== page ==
Since the advent of the Jackson Hole Art Auction, many galleries say they now experience a big drop in post-Quick Draw sales during Fall Arts. Attendees of the Quick Draw, a wildly popular event, now go off to the auction instead of perusing galleries after Quick Draw.
I doubt the auction is going to change its time slot; but why not change the time slot for Quick Draw? Have it early on during Fall Arts, the pep rally before the big game. Maybe we’ll bring back some wonderful artists who used to be on the Square for QD; they won’t be exhausted from the previous ten days of FAF. And, it gives galleries more time to gain sales as a result of QD, rather than at the very end of Fall Arts. I love the auction; I don’t want to feel guilty for going. I love QD, it’s my fave! I don’t want to miss any of it!
Trying to sell the same artwork to the same audience over and over again can’t continue indefinitely, no matter how great the artists and art. And WE get old. Kids today, when shown a land line phone, have no idea what it is. They’ve never experienced it. We may love land lines for their design and tactile delights, but kids don’t care. For them, that Princess phone is a relic, a mystery. They love phones, just not THAT phone.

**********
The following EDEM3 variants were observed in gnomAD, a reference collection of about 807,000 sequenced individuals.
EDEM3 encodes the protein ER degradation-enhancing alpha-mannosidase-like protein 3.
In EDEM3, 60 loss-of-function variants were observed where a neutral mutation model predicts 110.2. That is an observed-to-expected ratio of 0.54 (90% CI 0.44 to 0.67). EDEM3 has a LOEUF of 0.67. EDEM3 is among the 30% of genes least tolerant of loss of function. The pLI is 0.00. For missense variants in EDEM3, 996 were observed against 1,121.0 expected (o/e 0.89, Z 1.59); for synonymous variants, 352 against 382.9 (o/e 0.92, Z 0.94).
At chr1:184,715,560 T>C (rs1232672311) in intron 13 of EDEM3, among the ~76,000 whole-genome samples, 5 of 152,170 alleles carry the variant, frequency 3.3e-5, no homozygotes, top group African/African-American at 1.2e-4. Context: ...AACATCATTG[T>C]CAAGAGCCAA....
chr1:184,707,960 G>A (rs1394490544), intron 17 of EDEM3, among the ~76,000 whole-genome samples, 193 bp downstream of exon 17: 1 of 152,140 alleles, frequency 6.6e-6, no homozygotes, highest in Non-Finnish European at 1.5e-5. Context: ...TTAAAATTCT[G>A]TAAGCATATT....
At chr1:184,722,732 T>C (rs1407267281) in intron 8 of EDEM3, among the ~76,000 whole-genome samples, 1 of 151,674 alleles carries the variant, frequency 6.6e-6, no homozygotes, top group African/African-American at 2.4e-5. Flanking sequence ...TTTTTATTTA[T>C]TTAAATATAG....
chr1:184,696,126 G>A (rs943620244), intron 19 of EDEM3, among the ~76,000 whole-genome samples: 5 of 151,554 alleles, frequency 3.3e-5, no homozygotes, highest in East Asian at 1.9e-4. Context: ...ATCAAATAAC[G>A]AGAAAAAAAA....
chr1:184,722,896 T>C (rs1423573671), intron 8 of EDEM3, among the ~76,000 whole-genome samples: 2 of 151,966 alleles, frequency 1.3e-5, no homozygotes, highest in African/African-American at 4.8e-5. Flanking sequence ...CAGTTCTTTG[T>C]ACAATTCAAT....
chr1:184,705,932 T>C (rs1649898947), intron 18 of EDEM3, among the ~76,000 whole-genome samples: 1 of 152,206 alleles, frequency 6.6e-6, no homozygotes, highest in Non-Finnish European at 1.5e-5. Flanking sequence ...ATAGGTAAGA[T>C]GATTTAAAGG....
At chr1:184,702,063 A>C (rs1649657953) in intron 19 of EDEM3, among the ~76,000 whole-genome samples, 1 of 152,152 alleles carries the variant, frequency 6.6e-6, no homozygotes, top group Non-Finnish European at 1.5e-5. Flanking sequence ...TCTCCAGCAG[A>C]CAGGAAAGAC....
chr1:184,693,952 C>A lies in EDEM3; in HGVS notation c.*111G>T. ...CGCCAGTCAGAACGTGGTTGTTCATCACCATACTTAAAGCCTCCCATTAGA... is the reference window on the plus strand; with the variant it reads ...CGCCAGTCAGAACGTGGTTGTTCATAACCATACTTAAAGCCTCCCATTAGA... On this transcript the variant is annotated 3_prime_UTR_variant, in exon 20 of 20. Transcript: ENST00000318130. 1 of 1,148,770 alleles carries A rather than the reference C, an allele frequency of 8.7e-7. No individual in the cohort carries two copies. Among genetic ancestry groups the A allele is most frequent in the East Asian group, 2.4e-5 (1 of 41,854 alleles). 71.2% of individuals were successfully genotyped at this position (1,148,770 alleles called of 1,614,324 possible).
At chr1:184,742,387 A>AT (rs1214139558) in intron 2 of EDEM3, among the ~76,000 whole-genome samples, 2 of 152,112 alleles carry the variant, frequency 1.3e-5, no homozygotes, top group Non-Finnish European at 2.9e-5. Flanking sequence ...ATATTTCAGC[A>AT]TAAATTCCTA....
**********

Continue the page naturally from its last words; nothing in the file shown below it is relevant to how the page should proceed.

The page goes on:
Depending on who you hear it from JHFAF either did very well or didn’t do very well. As one arts consultant told me, galleries usually give fairs a couple of chances to succeed before they decide whether to return as a vendor. As we’ve mentioned before, the fair owners make their money before the fair even opens. Their pay comes from those vendor booth fees. After that, they need to attract people to the fair so those people will buy art from the vendors. Fair organizers have to be able to find territory hungry for new art, and there has to be a critical mass population to “feed” the fair. If vendors are successful, they return. If they are not, they don’t. No matter the size of the fair, that’s how it works.
If we talk with each other non-aggressively, even when we disagree, maybe we can figure out a way to even out the arts benefits in Teton County.